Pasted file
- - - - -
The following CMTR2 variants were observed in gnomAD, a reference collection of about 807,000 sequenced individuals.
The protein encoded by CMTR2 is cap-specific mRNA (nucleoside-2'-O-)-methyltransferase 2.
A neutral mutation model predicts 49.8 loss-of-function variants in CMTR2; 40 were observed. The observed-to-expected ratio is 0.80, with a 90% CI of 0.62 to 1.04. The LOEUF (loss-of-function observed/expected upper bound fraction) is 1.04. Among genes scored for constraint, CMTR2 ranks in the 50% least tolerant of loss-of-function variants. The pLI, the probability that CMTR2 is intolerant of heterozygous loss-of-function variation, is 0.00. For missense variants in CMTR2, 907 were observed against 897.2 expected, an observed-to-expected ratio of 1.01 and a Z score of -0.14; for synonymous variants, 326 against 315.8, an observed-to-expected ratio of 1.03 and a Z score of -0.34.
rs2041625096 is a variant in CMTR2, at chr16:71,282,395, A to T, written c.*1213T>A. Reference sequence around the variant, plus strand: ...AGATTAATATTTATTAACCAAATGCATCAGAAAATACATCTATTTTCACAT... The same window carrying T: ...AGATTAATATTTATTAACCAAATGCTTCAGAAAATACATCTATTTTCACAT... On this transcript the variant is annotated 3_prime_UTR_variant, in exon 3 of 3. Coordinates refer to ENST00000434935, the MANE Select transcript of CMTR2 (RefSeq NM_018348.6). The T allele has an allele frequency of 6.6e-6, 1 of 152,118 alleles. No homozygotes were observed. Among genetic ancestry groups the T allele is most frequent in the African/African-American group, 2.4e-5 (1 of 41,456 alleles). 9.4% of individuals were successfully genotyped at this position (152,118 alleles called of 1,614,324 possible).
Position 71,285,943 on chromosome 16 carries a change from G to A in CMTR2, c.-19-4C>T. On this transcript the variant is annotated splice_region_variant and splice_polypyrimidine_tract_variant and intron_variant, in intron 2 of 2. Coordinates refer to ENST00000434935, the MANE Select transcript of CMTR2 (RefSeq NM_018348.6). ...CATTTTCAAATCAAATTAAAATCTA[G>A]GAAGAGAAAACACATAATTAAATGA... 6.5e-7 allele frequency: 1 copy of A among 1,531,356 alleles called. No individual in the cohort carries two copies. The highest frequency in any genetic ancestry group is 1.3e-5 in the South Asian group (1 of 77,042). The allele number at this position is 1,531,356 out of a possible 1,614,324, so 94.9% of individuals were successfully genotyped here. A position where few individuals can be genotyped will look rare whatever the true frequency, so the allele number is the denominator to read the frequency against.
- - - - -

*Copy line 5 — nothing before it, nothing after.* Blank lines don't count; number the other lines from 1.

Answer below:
Position 71,285,943 on chromosome 16 carries a change from G to A in CMTR2, c.-19-4C>T. On this transcript the variant is annotated splice_region_variant and splice_polypyrimidine_tract_variant and intron_variant, in intron 2 of 2. Coordinates refer to ENST00000434935, the MANE Select transcript of CMTR2 (RefSeq NM_018348.6). ...CATTTTCAAATCAAATTAAAATCTA[G>A]GAAGAGAAAACACATAATTAAATGA... 6.5e-7 allele frequency: 1 copy of A among 1,531,356 alleles called. No individual in the cohort carries two copies. The highest frequency in any genetic ancestry group is 1.3e-5 in the South Asian group (1 of 77,042). The allele number at this position is 1,531,356 out of a possible 1,614,324, so 94.9% of individuals were successfully genotyped here. A position where few individuals can be genotyped will look rare whatever the true frequency, so the allele number is the denominator to read the frequency against.